State of the Union: Five Things We’ll Be Listening For

President Obama has hyped his final State of the Union address as a speech that will help to define his legacy. Here's how he can break new ground.

Chris MacKenzie

Here are five issues that matter to the public and our future that we’re hoping to hear about in President Obama’s State of the Union address:

1.       We need to know who is funding our elections.

As the sixth anniversary of Citizens United approaches, the flood of secret political spending caused by the Court’s decision is still with us.

Last month, a coalition of organizations delivered one million petitions to the president, urging him to require federal contractors to disclose their political spending. Voters need to know who’s backing the candidates on their ballot. 

2.       We need a strong Consumer Financial Protection Bureau

In less than four-and-one-half years, the Consumer Financial Protection Bureau (CFPB) has helped return nearly $11 billion to more than 17 million consumers tricked by deceptive financial practices. As the CFPB moves closer to finalizing a rule reining in payday and other high-cost lending practices, increasing pressure from payday lenders and Wall Street continues to threaten the existence of the agency.  We hope the president will continue to defend it.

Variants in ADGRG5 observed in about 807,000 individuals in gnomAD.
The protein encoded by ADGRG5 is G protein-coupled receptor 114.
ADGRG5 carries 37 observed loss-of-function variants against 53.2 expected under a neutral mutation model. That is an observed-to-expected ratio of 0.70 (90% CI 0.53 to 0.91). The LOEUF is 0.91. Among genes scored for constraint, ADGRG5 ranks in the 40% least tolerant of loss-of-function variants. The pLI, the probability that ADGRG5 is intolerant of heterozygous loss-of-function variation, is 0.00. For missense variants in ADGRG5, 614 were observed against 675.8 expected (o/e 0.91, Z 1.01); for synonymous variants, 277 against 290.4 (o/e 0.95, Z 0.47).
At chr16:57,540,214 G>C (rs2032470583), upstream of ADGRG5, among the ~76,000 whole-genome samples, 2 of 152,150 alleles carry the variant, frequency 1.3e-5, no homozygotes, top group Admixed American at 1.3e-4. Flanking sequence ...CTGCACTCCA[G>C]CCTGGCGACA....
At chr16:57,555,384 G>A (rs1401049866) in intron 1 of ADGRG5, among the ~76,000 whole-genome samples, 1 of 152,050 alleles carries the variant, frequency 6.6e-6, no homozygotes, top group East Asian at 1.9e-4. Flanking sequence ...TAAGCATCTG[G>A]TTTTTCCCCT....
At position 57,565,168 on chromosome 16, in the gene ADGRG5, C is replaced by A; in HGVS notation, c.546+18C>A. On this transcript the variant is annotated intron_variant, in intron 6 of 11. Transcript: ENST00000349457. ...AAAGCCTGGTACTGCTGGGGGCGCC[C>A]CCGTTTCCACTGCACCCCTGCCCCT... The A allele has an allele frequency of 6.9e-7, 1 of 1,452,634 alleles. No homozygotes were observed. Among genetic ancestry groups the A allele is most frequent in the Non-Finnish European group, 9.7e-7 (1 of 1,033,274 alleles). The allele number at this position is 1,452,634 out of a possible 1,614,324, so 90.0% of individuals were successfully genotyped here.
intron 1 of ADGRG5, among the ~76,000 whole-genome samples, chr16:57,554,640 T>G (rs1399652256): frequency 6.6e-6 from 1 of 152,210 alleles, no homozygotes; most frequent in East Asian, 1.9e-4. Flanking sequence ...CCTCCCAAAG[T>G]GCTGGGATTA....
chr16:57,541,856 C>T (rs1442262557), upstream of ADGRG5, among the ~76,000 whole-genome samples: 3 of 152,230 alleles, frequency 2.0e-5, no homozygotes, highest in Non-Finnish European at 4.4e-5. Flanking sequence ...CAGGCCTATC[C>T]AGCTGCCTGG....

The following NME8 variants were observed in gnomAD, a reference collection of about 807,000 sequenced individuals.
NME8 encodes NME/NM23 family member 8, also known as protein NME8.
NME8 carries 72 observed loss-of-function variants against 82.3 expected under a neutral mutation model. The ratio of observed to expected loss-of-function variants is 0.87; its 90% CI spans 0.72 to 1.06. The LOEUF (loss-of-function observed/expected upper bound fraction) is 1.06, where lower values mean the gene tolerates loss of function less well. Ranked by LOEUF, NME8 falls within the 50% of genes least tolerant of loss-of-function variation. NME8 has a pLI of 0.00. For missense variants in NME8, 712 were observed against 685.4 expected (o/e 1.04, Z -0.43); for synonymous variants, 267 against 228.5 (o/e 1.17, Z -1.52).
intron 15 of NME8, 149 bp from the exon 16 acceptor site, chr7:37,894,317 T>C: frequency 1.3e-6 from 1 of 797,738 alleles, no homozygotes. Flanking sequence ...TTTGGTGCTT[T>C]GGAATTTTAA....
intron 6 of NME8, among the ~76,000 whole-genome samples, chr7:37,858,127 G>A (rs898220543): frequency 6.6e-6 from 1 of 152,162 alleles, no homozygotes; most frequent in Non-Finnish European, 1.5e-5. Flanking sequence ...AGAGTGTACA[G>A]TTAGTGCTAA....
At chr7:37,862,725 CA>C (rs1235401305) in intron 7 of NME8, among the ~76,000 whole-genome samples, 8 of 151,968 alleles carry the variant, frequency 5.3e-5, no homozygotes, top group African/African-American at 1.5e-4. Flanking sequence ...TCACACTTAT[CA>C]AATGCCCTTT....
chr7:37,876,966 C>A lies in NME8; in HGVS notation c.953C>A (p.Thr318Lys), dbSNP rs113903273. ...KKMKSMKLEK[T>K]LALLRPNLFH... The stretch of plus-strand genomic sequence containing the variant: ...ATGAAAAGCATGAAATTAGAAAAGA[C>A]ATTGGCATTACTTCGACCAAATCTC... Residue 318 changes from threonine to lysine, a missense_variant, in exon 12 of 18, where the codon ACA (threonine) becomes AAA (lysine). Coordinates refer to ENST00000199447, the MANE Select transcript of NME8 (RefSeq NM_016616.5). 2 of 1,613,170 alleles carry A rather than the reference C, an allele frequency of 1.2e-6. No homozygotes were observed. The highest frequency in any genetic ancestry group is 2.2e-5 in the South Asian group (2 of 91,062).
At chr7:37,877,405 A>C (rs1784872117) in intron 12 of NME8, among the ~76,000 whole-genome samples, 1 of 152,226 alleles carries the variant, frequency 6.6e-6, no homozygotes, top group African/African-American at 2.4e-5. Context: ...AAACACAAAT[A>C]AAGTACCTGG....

3.       We need long-term infrastructure that encourages walking, biking and public transit

Americans, particularly millennials, increasingly choose to live and work in places where they don’t need to drive to get around. Yet, despite well-documented shifts in transportation trends, we’re still spending roughly $27 billion every year to expand roads and build new highways – instead of fixing the ones we have, and accommodating new transportation preferences.

In his most recent State of the Union address, President Obama said, “Twenty-first century businesses need 21st century infrastructure.” We agree – and want to add that twenty-first century people need it too.

4.       We need antibiotics

In an era of rampant overuse of antibiotics on factory farms, bacteria are becoming resistant to antibiotics and causing infections that are difficult — and increasingly, impossible — to treat. 23,000 Americans die every year of such infections.

At the urging of consumers, restaurants are starting to demand meat raised without antibiotics. But an FDA ban on the use of antibiotics on animals for any reason other than the treatment of specific illness would do more to protect the health and safety of Americans, and help make sure our life-saving medicines remain effective.

5.       We need protection from dangerous chemicals

Today, there are 84,000 chemicals on the market — and only one percent of them have been reviewed for safety.

Our broken chemical regulatory process needs to be rebuilt with stronger chemical safety review, laws allowing states to protect public health, and EPA regulations to intercept potentially toxic products imported from abroad.  Americans should be able to trust that they are being protected from dangerous chemicals in the products they buy and use every day.


Chris MacKenzie